Policing emerging technologies report: Scottish Government response

Our response to recommendations made in a report by the Independent Advisory Group on Emerging Technologies in Policing.

Recommendations for appropriate policing bodies

The following recommendations are not addressed to the Scottish Government and therefore it is for the appropriate policing body to comment/address:

Recommendation 1 - policing bodies (Police Scotland and SPA FS) should continue to adhere to HM Treasury Green book guidance for the Strategic Case, ensuring an assessment of the available evidence base (benefits and dis-benefits) across jurisdictions and published research is included in the Case for Change section in the Business Case.

Recommendation 2 - the assessment of the Ethical and Human Rights Impact of emerging technologies should be evidenced and a proportionate judgement for the implementation of technology should be included in Business Cases. This could take the form of a 6th Ethical and Human Rights Case, which should make full use of EQHRIA, (incorporating the legal requirement to pay due regard to the three needs of the Public Sector Equality Duty), DPIA, CRWIA, Fairer Scotland Duty and other Impact Assessments, independent expert advice, Ethics Advisory Panels, and the results from the new Data Ethics Governance Framework.

Recommendation 3 - policing bodies introducing emerging technologies, applied in a context which impacts how the public are policed, should develop (with external input) a clear and publicly accessible Operational Practice Code, ensuring compliance with relevant statutes or codes of practice.

Recommendation 4 - Police Scotland should seek to implement their Data Ethics Governance Framework. Key stakeholders should be involved in internal review prior to implementation and an effectiveness review should be undertaken 12 months after roll-out to ascertain the benefits realised and lessons learned.

Recommendation 5 - project implementation should ensure appropriate training for officers who will be utilising or monitoring emerging technology (particularly AI enabled technologies), with a particular focus on equality, human rights and data protection obligations.

Recommendation 6 - when developing future proposals for technology use, policing bodies should consider, where appropriate, utilising small tests of change/pilots which could be externally evaluated to inform Business Cases and shape wider scale implementation.

Recommendation 7 - when adopting emerging technology, policing bodies should ensure standards are designed to meet the needs of users and enable interoperability, compliance with data protection, equalities and human rights law, adherence to ISO, scientific and other relevant standards and codes. They could consider establishing a national technology clearing house to ensure robust scientific standards for AI technologies and an Algorithmic Impact Assessment policy.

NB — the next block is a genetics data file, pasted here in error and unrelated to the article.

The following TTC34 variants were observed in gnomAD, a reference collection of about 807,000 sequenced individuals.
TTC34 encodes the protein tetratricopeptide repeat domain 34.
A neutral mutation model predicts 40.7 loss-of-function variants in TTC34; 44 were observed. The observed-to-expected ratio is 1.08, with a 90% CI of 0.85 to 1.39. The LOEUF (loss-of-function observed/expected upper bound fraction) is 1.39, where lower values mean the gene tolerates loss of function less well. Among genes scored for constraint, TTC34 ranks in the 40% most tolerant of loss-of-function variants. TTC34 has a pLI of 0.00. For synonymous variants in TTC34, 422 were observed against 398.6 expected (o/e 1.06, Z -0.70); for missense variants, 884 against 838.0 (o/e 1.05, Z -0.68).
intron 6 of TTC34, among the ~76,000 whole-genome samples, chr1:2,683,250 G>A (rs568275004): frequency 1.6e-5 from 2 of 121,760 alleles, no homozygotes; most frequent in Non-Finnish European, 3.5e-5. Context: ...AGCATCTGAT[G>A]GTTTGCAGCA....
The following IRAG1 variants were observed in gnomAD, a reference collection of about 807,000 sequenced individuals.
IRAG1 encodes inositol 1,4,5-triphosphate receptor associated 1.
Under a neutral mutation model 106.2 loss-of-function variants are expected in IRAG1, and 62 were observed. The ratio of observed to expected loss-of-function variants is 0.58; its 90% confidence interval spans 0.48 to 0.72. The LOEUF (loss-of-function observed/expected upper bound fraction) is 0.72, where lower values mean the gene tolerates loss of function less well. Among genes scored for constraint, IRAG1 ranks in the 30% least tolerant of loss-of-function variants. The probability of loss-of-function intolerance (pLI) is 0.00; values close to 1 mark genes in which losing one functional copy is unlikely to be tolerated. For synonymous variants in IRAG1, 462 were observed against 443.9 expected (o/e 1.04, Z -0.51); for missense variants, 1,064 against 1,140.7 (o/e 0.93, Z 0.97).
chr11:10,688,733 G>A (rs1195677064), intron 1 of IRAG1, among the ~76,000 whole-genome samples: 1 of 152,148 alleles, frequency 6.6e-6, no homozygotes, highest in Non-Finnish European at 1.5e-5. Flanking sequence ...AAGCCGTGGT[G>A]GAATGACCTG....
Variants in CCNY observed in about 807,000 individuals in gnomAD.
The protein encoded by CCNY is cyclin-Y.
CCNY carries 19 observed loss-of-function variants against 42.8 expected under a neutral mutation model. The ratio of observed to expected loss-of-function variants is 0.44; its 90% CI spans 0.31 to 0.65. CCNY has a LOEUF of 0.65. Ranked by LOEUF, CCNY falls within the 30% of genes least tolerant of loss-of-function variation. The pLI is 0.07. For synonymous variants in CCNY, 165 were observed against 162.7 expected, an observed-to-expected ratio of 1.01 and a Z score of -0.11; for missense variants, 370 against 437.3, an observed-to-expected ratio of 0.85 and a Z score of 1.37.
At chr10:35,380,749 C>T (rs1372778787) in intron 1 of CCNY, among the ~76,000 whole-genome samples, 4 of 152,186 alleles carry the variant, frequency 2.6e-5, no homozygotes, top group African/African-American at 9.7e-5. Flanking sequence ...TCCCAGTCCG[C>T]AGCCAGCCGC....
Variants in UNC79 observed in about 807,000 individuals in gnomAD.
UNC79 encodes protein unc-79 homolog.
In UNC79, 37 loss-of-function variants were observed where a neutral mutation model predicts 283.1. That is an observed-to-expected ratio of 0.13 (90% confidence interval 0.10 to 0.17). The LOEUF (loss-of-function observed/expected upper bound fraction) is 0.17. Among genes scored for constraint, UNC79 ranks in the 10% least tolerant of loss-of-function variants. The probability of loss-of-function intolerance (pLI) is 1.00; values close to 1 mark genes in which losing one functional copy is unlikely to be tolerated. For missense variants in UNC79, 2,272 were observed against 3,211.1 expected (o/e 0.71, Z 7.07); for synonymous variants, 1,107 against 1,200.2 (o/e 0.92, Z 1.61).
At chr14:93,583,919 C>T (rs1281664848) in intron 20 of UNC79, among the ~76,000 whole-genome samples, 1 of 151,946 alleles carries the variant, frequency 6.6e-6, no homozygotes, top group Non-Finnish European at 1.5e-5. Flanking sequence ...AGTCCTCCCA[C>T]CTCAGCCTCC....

Recommendation 8 - Police Scotland should continue to enhance its approach to ensuring effective and mature risk management processes by scoping, mapping, identifying and addressing any risk (particularly risks to rights and freedoms of individuals), opportunity or issue which may become associated with the adoption of an emerging technology and continuing to re-assess and evaluate risks throughout the lifecycle.

Recommendation 9 - Police Scotland should continue to develop and implement the Consultation and Engagement Framework described in this report when considering the adoption of emerging technology.

Recommendation 10 - Police Scotland should clearly specify the legal basis for using emerging technology, share it with key stakeholders for input and publicly share it.

Recommendation 11 - as part of the lifetime management of a new technology/project, policing bodies should have a clear evaluation plan which seeks to gather data (including baseline measurements) so that the emerging risks and efficacy can be assessed.

Recommendation 14 - policing bodies’ (Police Scotland, SPA and PIRC) complaints processes must be clearly communicated prior to the start of new technology initiatives in policing and be accessible to all members of the public including those with disabilities. Where an adverse human rights impact to a person is the direct result of implementation of a new technology, those responsible for its implementation should provide an effective remedy.

Recommendation 15 - policing bodies should, at an early stage of the introduction of technology, ensure that data flows and the roles and responsibilities of all relevant parties under data protection law are mapped and understood.

Recommendation 16 - the SPA (and other oversight bodies) should continue to require assurance that external evidence, research and advice has been sought and considered in the development of cases and that engagement with partners and the public has been undertaken to inform the approach to embedding specific technologies in policing.

Recommendation 17 - the SPA (and other oversight bodies) should continue to implement a system to regularly review the assessment of the public benefit, any risks, harms, positive or negative impacts of the introduction and use of emerging technology projects.

Recommendation 18 - policing and oversight bodies should consider the routine collection, publication and accessibility of data on the equality and human rights impacts of police use of emerging technologies in order to facilitate ongoing scrutiny and review.

Back to top